|Operator:||Peninsula & Orient Steam Navigation Company|
|Builder:||Samuda Brothers, Cubitt Town, London|
|Laid down:||early 1862|
|Launched:||12 June 1862|
|Completed:||25 April 1863|
|Fate:||Wrecked, 12 September 1869|
|Length:||89.4 m (293 ft 4 in)|
|Beam:||11.6 m (38 ft 1 in)|
|Draught:||7.8 m (25 ft 7 in)|
|Propulsion:||Humphrys, Tennant and Dykes 4-cylinder compound inverted steam engine, 2,442 hp (1,821 kW), single shaft|
|Speed:||12 knots (22 km/h; 14 mph)|
|Capacity:||250 passengers|
|Notes:||31 persons lost in the shipwreck|
SS Carnatic was a British steamship built in 1862-63 by Samuda Brothers at Cubitt Town on the Isle of Dogs, London, for the Peninsular and Oriental Steam Navigation Company (P&O). She operated on the Suez to Bombay run in the last years before the Suez Canal was opened. This route gave a fast, steamship-operated route from Britain to India, connecting with similar steamships running through the Mediterranean to Alexandria, with an overland crossing to Suez. The alternative was to sail round the Cape of Good Hope, a distance at which steam ships were not, in the early 1860s, sufficiently economical to be commercially competitive with sail.
As one of the first British steamships to use a compound engine, Carnatic achieved a much better fuel economy (at 2lbs of coal per indicated horsepower-hour) than most other contemporary steamers. P&O had a number of compound-engined ships built in the first half of the 1860s: Poonah (1863), Golconda (1863) and Baronda (1864).:170
In 1869, she ran aground on a coral reef in the Red Sea and broke apart the following morning, with the loss of 31 lives. Her wreck was rediscovered in 1984 and is now a popular scuba diving site.
The ship was laid down in early 1862, and was originally to be named Mysore. She was launched as Carnatic on 12 June 1862, and completed on 25 April 1863. The composite construction hull (iron-framed and wooden-planked) was fitted with square-rigged sails and a 4-cylinder compound inverted steam engine by Humphrys & Tennant, providing 2,442 hp (1,821 kW) to a single propeller.
The compound engine was unusual at the time for a British vessel. Carnatic's boiler ran at only 26 psi (180 kPa). Higher pressures were not allowed by the Board of Trade. The advantages of a compound engine were not fully realised at this low pressure - but the solution to the problem was to apply a large amount of superheat. The efficiency gained was a fuel usage of just over 2lbs of coal per indicated horsepower-hour. This is comparable to the achievement of the groundbreaking SS Agamemnon (1865) at 2.2lbs per indicated horsepower-hour, but at a boiler pressure of 60 psi (410 kPa).:99, 105, 156–7, 170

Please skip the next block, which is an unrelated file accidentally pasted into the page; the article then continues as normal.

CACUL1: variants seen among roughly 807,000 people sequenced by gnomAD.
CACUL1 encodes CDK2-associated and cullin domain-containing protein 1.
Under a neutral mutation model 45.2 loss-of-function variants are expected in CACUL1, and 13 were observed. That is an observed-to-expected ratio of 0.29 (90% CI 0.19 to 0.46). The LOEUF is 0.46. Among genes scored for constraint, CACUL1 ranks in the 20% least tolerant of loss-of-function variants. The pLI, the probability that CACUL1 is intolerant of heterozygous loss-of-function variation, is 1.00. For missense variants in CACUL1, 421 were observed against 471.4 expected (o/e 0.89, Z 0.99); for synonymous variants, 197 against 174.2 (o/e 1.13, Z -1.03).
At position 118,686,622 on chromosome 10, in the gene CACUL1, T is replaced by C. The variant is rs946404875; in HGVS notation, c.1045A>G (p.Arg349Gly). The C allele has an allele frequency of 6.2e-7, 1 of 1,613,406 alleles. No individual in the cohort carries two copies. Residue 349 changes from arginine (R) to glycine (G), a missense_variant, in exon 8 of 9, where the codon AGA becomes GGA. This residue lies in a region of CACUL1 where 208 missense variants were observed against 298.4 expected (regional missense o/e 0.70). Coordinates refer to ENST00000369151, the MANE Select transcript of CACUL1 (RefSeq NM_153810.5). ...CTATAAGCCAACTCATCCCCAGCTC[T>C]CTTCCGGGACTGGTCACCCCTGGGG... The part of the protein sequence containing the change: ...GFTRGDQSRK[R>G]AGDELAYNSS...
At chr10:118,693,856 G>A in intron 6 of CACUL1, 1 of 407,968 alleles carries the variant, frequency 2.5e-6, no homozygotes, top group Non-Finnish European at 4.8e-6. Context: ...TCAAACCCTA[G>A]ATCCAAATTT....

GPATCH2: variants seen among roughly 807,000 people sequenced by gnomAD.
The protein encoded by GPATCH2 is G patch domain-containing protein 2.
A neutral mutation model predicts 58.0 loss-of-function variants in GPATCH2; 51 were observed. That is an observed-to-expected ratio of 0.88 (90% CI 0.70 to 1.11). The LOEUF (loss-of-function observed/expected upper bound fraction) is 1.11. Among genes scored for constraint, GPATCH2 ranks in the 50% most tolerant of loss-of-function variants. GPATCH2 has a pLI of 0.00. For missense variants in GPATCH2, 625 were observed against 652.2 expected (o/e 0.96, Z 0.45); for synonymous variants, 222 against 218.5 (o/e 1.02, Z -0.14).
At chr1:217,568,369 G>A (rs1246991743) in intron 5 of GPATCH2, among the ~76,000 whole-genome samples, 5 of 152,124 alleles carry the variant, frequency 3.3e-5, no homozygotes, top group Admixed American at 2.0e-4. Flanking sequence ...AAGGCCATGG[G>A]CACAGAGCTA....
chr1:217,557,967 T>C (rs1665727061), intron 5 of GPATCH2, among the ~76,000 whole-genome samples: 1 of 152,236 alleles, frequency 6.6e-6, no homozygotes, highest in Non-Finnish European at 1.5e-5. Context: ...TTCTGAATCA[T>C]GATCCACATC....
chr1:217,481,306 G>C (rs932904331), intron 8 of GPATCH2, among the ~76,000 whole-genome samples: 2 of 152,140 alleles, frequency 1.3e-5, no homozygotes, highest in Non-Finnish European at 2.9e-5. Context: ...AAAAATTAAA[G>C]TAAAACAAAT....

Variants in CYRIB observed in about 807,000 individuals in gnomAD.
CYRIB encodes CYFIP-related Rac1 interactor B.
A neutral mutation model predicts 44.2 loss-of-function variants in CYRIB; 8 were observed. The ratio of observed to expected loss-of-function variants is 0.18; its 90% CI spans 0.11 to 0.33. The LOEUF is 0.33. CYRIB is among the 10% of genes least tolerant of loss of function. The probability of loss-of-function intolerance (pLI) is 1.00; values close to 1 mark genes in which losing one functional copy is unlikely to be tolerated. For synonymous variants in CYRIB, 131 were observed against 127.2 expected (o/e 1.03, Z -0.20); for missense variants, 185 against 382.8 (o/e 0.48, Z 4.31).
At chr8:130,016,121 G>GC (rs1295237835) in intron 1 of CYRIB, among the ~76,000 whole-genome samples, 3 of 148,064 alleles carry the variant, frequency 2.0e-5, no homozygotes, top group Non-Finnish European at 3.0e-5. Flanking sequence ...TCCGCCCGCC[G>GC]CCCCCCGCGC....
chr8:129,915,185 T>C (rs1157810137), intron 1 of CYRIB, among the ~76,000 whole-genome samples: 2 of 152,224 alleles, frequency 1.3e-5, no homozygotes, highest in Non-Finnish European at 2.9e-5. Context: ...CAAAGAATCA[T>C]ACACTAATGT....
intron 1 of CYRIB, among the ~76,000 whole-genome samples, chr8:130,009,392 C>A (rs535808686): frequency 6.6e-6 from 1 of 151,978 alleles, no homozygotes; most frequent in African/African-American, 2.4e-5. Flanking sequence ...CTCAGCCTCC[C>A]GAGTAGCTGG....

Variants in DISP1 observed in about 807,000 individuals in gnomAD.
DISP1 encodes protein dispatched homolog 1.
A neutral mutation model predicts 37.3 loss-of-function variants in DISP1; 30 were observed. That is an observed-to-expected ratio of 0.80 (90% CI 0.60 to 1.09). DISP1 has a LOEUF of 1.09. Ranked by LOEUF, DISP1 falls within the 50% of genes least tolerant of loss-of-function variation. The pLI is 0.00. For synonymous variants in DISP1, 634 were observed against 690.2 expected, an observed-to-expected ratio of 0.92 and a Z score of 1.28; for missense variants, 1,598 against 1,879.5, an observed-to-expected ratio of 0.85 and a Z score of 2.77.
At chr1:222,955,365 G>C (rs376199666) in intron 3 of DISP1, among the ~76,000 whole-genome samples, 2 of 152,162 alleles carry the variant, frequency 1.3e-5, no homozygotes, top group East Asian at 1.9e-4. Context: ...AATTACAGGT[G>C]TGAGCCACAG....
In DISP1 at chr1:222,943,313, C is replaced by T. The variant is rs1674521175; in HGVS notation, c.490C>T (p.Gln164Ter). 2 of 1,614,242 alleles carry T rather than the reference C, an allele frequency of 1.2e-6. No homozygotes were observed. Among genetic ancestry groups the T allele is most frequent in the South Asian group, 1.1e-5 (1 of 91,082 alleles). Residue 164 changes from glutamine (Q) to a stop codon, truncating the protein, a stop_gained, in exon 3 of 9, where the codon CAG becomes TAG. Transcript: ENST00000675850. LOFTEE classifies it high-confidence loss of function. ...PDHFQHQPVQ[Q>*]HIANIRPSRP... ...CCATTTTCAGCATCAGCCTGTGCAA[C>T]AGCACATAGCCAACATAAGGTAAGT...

On 12 September 1869, she ran aground on Sha`b Abu Nuhas coral reef near Shadwan Island at the mouth of the Gulf of Suez in the Red Sea. Having assessed the ship to be safe and the pumps intact, Captain P. B. Jones denied passengers' repeated requests to abandon ship, and reassured them that the ship was safe and that the P&O liner Sumatra was due to pass by and would rescue them. There was a general air of calm and normality on board until about 2 a.m. on the 14th, when the rising water engulfed the ship's boilers and the ship was left without power or light. At 11 a.m. the following morning, after 34 hours on the reef, Captain Jones had just given the order to abandon ship and the first four passengers had taken their seats in one of the lifeboats when Carnatic suddenly broke in half. Thirty-one people drowned. The survivors made it to barren island of Shadwan, where the next day the Sumatra rescued them.
Carnatic was carrying £40,000 worth of gold (well in excess of £1,000,000 in modern terms), so the wreck was the subject of a salvage operation two weeks later. All the gold was reported recovered, but persistent rumours of remaining treasure have added to the romance of the ship.
Captain Jones was recalled to England to face an official Board of Inquiry, which labelled him "a skilful and experienced officer". However, the inquiry added that "it appears there was every condition as regards ship, weather and light to ensure a safe voyage and there was needed only proper care. This was not done, and hence the disaster." Although Jones's Master's certificate was suspended for only nine months, he never returned to sea.
In Jules Verne's 1872 novel, Around the World in Eighty Days, Phileas Fogg intends to take a steamer named Carnatic to travel from Hong Kong to Yokohama, but misses it. His valet, Passepartout, catches the ship, however.
- "The Loss of the Carnatic". London Evening Standard. 24 November 1869. p. 2. Retrieved 16 September 2020.
- Gardiner, Robert, ed. (1993). The Advent of Steam – The Merchant Steamship before 1900. London: Conway Maritime Press. ISBN 0-85177-563-2.
- "Carnatic". shipwrecksofegypt.com. 2010. Archived from the original on 26 January 2013. Retrieved 28 February 2013.
- "SS CARNATIC. Wreck Directory & Diving Guide". aquatours.com. 2012. Retrieved 28 February 2013.
- Middleton, Ned. "Egypt Red Sea Shipwrecks - The Carnatic". touregypt.net.
- A victim of the Carnatic disaster